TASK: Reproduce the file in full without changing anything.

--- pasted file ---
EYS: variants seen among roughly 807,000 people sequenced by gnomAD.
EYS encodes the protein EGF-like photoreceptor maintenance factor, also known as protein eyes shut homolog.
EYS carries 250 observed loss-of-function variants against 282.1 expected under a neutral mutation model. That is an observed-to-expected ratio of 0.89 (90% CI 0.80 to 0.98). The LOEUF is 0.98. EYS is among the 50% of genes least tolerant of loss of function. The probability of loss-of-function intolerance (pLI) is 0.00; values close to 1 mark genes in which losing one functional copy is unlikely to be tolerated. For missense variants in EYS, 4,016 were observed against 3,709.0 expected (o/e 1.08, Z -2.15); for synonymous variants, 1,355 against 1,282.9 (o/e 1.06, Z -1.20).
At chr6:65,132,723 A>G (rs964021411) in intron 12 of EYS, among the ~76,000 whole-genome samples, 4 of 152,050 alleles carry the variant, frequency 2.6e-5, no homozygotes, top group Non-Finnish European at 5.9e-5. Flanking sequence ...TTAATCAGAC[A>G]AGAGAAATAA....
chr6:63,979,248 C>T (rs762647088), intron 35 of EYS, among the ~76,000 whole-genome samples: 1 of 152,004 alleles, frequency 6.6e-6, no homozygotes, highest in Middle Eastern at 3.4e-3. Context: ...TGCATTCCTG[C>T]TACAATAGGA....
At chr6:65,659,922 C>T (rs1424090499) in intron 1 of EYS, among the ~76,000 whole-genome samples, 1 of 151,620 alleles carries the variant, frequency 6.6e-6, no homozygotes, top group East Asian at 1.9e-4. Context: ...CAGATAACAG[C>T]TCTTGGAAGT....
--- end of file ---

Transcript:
EYS: variants seen among roughly 807,000 people sequenced by gnomAD.
EYS encodes the protein EGF-like photoreceptor maintenance factor, also known as protein eyes shut homolog.
EYS carries 250 observed loss-of-function variants against 282.1 expected under a neutral mutation model. That is an observed-to-expected ratio of 0.89 (90% CI 0.80 to 0.98). The LOEUF is 0.98. EYS is among the 50% of genes least tolerant of loss of function. The probability of loss-of-function intolerance (pLI) is 0.00; values close to 1 mark genes in which losing one functional copy is unlikely to be tolerated. For missense variants in EYS, 4,016 were observed against 3,709.0 expected (o/e 1.08, Z -2.15); for synonymous variants, 1,355 against 1,282.9 (o/e 1.06, Z -1.20).
At chr6:65,132,723 A>G (rs964021411) in intron 12 of EYS, among the ~76,000 whole-genome samples, 4 of 152,050 alleles carry the variant, frequency 2.6e-5, no homozygotes, top group Non-Finnish European at 5.9e-5. Flanking sequence ...TTAATCAGAC[A>G]AGAGAAATAA....
chr6:63,979,248 C>T (rs762647088), intron 35 of EYS, among the ~76,000 whole-genome samples: 1 of 152,004 alleles, frequency 6.6e-6, no homozygotes, highest in Middle Eastern at 3.4e-3. Context: ...TGCATTCCTG[C>T]TACAATAGGA....
At chr6:65,659,922 C>T (rs1424090499) in intron 1 of EYS, among the ~76,000 whole-genome samples, 1 of 151,620 alleles carries the variant, frequency 6.6e-6, no homozygotes, top group East Asian at 1.9e-4. Context: ...CAGATAACAG[C>T]TCTTGGAAGT....